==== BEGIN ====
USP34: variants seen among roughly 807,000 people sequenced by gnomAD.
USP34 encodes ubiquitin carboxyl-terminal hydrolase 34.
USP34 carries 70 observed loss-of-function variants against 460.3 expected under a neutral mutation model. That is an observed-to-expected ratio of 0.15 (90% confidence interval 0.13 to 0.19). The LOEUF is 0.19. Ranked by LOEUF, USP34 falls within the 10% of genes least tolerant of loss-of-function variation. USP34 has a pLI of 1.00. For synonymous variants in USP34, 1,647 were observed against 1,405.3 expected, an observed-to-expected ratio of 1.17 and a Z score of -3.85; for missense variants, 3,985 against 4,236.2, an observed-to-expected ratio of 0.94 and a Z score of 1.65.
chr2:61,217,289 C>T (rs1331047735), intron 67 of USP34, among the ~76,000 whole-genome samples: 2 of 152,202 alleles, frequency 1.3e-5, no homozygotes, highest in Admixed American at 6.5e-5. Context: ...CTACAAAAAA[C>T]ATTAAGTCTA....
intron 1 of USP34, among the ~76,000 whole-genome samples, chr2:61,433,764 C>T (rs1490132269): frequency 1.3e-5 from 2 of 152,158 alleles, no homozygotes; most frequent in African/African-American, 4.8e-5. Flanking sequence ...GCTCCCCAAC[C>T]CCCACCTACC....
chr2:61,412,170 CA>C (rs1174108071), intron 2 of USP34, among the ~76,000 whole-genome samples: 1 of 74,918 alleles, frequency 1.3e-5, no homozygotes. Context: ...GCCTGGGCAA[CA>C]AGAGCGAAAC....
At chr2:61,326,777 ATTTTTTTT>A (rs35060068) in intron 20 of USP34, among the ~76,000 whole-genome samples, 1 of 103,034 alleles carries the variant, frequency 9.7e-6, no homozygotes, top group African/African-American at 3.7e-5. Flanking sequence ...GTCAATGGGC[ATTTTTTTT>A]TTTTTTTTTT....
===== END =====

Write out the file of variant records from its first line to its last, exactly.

USP34: variants seen among roughly 807,000 people sequenced by gnomAD.
USP34 encodes ubiquitin carboxyl-terminal hydrolase 34.
USP34 carries 70 observed loss-of-function variants against 460.3 expected under a neutral mutation model. That is an observed-to-expected ratio of 0.15 (90% confidence interval 0.13 to 0.19). The LOEUF is 0.19. Ranked by LOEUF, USP34 falls within the 10% of genes least tolerant of loss-of-function variation. USP34 has a pLI of 1.00. For synonymous variants in USP34, 1,647 were observed against 1,405.3 expected, an observed-to-expected ratio of 1.17 and a Z score of -3.85; for missense variants, 3,985 against 4,236.2, an observed-to-expected ratio of 0.94 and a Z score of 1.65.
chr2:61,217,289 C>T (rs1331047735), intron 67 of USP34, among the ~76,000 whole-genome samples: 2 of 152,202 alleles, frequency 1.3e-5, no homozygotes, highest in Admixed American at 6.5e-5. Context: ...CTACAAAAAA[C>T]ATTAAGTCTA....
intron 1 of USP34, among the ~76,000 whole-genome samples, chr2:61,433,764 C>T (rs1490132269): frequency 1.3e-5 from 2 of 152,158 alleles, no homozygotes; most frequent in African/African-American, 4.8e-5. Flanking sequence ...GCTCCCCAAC[C>T]CCCACCTACC....
chr2:61,412,170 CA>C (rs1174108071), intron 2 of USP34, among the ~76,000 whole-genome samples: 1 of 74,918 alleles, frequency 1.3e-5, no homozygotes. Context: ...GCCTGGGCAA[CA>C]AGAGCGAAAC....
At chr2:61,326,777 ATTTTTTTT>A (rs35060068) in intron 20 of USP34, among the ~76,000 whole-genome samples, 1 of 103,034 alleles carries the variant, frequency 9.7e-6, no homozygotes, top group African/African-American at 3.7e-5. Flanking sequence ...GTCAATGGGC[ATTTTTTTT>A]TTTTTTTTTT....